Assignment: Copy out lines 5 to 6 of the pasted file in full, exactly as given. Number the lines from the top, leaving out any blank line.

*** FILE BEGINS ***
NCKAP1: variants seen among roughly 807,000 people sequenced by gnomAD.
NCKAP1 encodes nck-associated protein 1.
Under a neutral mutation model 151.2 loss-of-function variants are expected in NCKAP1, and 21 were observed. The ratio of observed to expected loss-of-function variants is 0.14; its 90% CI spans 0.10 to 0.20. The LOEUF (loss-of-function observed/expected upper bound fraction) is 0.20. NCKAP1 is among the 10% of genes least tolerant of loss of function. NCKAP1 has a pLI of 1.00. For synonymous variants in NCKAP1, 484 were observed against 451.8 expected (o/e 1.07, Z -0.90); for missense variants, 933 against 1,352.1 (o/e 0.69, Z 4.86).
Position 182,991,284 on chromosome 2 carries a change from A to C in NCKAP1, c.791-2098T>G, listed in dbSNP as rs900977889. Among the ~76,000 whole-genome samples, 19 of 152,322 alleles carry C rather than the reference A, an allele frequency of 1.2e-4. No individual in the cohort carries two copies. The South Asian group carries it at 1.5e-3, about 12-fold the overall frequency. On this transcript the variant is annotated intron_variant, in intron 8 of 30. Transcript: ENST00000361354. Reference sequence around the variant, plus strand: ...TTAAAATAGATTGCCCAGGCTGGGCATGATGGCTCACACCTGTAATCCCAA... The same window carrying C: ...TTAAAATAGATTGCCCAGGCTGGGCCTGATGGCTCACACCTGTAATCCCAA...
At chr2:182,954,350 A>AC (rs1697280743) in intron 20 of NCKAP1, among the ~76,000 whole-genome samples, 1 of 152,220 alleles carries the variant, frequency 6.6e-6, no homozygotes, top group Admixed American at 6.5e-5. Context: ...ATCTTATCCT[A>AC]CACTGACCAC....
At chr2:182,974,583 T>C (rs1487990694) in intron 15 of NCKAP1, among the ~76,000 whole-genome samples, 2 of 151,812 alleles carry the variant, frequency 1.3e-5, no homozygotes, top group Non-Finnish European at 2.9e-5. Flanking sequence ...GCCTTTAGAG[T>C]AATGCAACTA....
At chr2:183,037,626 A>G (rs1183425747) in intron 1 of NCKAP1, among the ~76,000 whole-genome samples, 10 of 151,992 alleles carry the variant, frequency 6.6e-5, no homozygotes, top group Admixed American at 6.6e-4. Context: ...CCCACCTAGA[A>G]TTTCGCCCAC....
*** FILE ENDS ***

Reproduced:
At chr2:182,954,350 A>AC (rs1697280743) in intron 20 of NCKAP1, among the ~76,000 whole-genome samples, 1 of 152,220 alleles carries the variant, frequency 6.6e-6, no homozygotes, top group Admixed American at 6.5e-5. Context: ...ATCTTATCCT[A>AC]CACTGACCAC....
At chr2:182,974,583 T>C (rs1487990694) in intron 15 of NCKAP1, among the ~76,000 whole-genome samples, 2 of 151,812 alleles carry the variant, frequency 1.3e-5, no homozygotes, top group Non-Finnish European at 2.9e-5. Flanking sequence ...GCCTTTAGAG[T>C]AATGCAACTA....